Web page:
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The Truth Behind Facebook’s IPO

|Includes: Facebook (FB)


Facebook, the social network giant, plans to make an initial public offering in early 2012. Facebook's privately held shares were split in early October, which usually occurs pre-IPO, and further confirmed circling rumors. Of course, the public has every right to be skeptical of this common stock. Recent dot-com IPOs such as Groupon and Pandora couldn't live up to the hype, and the stocks swiftly fell below IPO prices. The recent busts in web-based corporations have been compared to the dot-com bubble of the late 90s.

However, there are some redeeming qualities to Facebook, compared to its online ancestors: Facebook has proven extremely profitable. In 2010, Facebook made about $600 million. In 2011, it's expected to triple profits and more, and generate $2 billion in EBITDA.

On the Flip Side While Facebook is profitable now, it has nowhere near the revenue momentum Google had when going public in 2004. Additionally, Facebook has the real possibility of being replaced by copycats or new fads, just as it replaced MySpace. Facebook relies only on ad revenue and commissions from social gaming (such as Farmville by Zynga). Facebook needs growing use for growing profits. And growing popularity is difficult to achieve when 500 million users already log in each day. Facebook has been valued by experts at around $100 billion, and plans to have an IPO for approximately $10 billion. This may prove a good investment, but if history is any indicator, the social network may be a little overrated.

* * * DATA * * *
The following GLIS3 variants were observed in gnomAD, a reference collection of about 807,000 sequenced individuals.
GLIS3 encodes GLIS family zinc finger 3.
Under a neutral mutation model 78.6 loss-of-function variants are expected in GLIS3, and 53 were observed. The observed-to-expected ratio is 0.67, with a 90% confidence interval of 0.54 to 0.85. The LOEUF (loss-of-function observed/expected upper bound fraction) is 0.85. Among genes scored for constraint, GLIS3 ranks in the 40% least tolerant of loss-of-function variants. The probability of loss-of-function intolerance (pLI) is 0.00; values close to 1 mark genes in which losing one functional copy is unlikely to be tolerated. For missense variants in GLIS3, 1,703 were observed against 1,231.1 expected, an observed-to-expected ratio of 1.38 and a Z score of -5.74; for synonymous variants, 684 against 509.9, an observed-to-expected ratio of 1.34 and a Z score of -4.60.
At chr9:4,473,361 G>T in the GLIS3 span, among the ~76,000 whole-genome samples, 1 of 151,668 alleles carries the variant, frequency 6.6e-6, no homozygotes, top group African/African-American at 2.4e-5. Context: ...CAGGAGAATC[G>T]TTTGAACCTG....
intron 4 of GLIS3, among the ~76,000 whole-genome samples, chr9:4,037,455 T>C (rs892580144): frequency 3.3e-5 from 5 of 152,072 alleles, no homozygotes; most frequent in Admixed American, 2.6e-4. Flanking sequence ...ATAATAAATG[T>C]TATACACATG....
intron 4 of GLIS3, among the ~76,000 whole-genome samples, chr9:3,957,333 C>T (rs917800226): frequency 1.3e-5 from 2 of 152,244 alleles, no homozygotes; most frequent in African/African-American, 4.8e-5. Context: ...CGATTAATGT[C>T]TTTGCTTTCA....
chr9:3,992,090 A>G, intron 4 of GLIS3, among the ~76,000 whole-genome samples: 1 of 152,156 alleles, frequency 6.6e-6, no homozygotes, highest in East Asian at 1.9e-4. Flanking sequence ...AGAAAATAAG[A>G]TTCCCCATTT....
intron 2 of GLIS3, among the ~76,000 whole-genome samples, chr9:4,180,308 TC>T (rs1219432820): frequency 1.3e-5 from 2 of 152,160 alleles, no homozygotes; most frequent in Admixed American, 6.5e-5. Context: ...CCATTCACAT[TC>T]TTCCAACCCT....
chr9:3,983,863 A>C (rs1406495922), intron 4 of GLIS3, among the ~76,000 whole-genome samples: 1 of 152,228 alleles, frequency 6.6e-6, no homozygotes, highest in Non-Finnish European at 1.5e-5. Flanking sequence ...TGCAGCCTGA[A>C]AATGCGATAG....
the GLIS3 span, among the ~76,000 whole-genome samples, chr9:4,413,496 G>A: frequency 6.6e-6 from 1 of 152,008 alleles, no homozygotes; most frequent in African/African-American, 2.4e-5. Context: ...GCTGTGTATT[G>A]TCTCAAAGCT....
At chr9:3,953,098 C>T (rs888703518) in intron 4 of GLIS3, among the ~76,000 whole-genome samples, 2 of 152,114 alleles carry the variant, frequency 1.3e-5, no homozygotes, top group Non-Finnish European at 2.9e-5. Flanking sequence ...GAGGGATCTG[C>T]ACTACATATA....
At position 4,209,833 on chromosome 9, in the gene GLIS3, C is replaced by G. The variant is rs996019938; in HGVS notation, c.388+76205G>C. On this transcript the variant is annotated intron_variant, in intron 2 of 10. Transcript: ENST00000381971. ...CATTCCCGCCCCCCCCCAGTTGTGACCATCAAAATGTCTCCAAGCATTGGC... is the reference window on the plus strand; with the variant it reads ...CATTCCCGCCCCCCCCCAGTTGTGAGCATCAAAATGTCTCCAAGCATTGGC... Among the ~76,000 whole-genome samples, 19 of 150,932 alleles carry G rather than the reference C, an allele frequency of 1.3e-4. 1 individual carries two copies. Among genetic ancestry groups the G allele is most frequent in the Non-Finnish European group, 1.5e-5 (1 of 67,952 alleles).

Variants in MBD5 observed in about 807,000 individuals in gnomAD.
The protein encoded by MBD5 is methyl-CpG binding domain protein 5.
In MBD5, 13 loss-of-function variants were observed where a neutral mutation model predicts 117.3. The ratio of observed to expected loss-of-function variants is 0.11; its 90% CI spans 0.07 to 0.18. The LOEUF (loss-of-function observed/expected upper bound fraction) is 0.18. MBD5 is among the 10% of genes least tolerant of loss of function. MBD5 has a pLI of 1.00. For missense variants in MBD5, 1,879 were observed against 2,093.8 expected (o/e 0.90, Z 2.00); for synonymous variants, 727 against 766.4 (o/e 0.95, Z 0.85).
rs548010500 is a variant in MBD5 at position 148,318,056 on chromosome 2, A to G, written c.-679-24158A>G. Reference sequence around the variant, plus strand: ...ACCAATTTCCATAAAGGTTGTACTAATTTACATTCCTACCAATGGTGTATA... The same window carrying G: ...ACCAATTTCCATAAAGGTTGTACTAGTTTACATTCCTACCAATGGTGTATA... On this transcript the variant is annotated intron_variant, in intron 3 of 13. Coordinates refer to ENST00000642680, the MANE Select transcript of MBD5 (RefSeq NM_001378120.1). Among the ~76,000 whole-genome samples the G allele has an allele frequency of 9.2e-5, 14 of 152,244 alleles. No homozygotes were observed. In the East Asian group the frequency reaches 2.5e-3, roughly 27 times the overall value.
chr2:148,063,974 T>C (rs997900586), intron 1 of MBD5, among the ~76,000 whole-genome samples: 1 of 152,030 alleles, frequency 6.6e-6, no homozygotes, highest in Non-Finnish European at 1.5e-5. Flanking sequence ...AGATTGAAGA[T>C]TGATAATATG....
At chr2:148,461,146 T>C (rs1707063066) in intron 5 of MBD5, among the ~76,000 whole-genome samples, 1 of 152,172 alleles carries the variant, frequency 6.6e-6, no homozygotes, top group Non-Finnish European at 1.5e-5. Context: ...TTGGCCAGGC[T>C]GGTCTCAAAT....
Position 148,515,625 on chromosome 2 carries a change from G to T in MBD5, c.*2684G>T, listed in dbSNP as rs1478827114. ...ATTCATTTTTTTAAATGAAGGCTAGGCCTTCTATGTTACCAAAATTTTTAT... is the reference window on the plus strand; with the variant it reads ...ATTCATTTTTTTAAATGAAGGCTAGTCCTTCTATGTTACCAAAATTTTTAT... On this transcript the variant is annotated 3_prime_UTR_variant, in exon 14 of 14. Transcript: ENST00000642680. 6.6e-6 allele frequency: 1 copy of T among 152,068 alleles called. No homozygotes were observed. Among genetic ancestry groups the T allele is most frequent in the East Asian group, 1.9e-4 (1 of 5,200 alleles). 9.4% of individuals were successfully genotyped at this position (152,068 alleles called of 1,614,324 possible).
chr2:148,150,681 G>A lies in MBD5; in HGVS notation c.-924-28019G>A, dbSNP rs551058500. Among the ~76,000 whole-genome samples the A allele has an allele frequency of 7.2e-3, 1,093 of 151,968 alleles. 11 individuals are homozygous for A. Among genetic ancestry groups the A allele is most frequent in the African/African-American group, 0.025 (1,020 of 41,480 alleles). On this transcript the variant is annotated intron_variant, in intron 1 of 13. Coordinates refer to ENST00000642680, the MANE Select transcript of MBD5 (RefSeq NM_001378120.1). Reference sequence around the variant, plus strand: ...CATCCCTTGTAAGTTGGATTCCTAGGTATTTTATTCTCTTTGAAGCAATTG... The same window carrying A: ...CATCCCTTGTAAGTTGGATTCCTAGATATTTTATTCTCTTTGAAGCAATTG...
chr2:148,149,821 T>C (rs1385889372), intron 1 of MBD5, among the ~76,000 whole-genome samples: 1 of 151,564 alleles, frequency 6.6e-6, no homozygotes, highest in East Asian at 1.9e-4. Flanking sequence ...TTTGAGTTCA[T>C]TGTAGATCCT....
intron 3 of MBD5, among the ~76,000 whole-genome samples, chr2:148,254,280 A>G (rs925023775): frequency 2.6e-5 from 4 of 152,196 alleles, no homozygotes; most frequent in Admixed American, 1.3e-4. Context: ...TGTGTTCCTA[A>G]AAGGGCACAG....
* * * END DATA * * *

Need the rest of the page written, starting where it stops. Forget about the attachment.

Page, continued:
Trading It Barring a few exceptions, most stocks fall below their IPO price fairly soon after coming out. Buying Facebook stock on the initial hype and surge upwards may prove profitable. Regardless, a stock with so much buildup is bound to disappoint in the long run, especially with such an ambitious IPO.

Disclosure: I have no positions in any stocks mentioned, and no plans to initiate any positions within the next 72 hours.